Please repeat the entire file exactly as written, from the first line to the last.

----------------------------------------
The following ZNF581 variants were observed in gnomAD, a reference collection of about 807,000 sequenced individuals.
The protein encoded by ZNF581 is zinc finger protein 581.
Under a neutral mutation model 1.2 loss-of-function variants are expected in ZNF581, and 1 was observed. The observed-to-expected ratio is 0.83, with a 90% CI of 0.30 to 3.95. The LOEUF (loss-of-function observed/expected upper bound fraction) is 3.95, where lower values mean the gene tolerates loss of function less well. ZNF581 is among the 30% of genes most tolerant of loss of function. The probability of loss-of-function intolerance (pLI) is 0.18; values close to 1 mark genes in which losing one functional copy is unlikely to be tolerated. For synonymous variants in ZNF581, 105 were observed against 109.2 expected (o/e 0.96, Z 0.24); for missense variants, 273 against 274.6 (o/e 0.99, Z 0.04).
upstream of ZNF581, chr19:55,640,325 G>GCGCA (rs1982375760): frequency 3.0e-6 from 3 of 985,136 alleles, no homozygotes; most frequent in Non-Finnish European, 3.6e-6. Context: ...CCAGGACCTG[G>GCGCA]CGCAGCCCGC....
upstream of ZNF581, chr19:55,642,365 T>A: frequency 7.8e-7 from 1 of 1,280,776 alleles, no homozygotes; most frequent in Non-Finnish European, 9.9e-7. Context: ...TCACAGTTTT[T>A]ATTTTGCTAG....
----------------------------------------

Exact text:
The following ZNF581 variants were observed in gnomAD, a reference collection of about 807,000 sequenced individuals.
The protein encoded by ZNF581 is zinc finger protein 581.
Under a neutral mutation model 1.2 loss-of-function variants are expected in ZNF581, and 1 was observed. The observed-to-expected ratio is 0.83, with a 90% CI of 0.30 to 3.95. The LOEUF (loss-of-function observed/expected upper bound fraction) is 3.95, where lower values mean the gene tolerates loss of function less well. ZNF581 is among the 30% of genes most tolerant of loss of function. The probability of loss-of-function intolerance (pLI) is 0.18; values close to 1 mark genes in which losing one functional copy is unlikely to be tolerated. For synonymous variants in ZNF581, 105 were observed against 109.2 expected (o/e 0.96, Z 0.24); for missense variants, 273 against 274.6 (o/e 0.99, Z 0.04).
upstream of ZNF581, chr19:55,640,325 G>GCGCA (rs1982375760): frequency 3.0e-6 from 3 of 985,136 alleles, no homozygotes; most frequent in Non-Finnish European, 3.6e-6. Context: ...CCAGGACCTG[G>GCGCA]CGCAGCCCGC....
upstream of ZNF581, chr19:55,642,365 T>A: frequency 7.8e-7 from 1 of 1,280,776 alleles, no homozygotes; most frequent in Non-Finnish European, 9.9e-7. Context: ...TCACAGTTTT[T>A]ATTTTGCTAG....